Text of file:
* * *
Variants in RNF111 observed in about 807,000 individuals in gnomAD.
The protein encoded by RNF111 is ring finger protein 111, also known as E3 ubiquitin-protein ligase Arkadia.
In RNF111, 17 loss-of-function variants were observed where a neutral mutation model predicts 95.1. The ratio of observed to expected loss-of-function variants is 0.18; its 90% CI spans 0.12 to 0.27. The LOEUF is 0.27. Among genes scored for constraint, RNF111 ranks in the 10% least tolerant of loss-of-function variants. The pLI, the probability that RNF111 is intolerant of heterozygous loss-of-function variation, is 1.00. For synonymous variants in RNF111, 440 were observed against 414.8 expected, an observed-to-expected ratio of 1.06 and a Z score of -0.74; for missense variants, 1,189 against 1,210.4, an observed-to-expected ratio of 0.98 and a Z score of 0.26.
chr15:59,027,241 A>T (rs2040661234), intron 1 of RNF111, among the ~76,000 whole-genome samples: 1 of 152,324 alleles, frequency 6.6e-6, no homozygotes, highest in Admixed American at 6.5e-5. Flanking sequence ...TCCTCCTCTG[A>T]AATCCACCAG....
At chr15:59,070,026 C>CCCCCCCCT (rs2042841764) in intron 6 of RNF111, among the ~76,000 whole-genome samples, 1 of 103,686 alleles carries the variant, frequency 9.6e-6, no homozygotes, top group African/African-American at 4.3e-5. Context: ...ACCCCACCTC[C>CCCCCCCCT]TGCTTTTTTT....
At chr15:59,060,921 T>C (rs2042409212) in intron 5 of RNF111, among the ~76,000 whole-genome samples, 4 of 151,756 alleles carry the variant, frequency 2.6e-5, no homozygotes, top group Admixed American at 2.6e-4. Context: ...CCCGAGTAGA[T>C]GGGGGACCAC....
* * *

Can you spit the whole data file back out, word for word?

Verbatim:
Variants in RNF111 observed in about 807,000 individuals in gnomAD.
The protein encoded by RNF111 is ring finger protein 111, also known as E3 ubiquitin-protein ligase Arkadia.
In RNF111, 17 loss-of-function variants were observed where a neutral mutation model predicts 95.1. The ratio of observed to expected loss-of-function variants is 0.18; its 90% CI spans 0.12 to 0.27. The LOEUF is 0.27. Among genes scored for constraint, RNF111 ranks in the 10% least tolerant of loss-of-function variants. The pLI, the probability that RNF111 is intolerant of heterozygous loss-of-function variation, is 1.00. For synonymous variants in RNF111, 440 were observed against 414.8 expected, an observed-to-expected ratio of 1.06 and a Z score of -0.74; for missense variants, 1,189 against 1,210.4, an observed-to-expected ratio of 0.98 and a Z score of 0.26.
chr15:59,027,241 A>T (rs2040661234), intron 1 of RNF111, among the ~76,000 whole-genome samples: 1 of 152,324 alleles, frequency 6.6e-6, no homozygotes, highest in Admixed American at 6.5e-5. Flanking sequence ...TCCTCCTCTG[A>T]AATCCACCAG....
At chr15:59,070,026 C>CCCCCCCCT (rs2042841764) in intron 6 of RNF111, among the ~76,000 whole-genome samples, 1 of 103,686 alleles carries the variant, frequency 9.6e-6, no homozygotes, top group African/African-American at 4.3e-5. Context: ...ACCCCACCTC[C>CCCCCCCCT]TGCTTTTTTT....
At chr15:59,060,921 T>C (rs2042409212) in intron 5 of RNF111, among the ~76,000 whole-genome samples, 4 of 151,756 alleles carry the variant, frequency 2.6e-5, no homozygotes, top group Admixed American at 2.6e-4. Context: ...CCCGAGTAGA[T>C]GGGGGACCAC....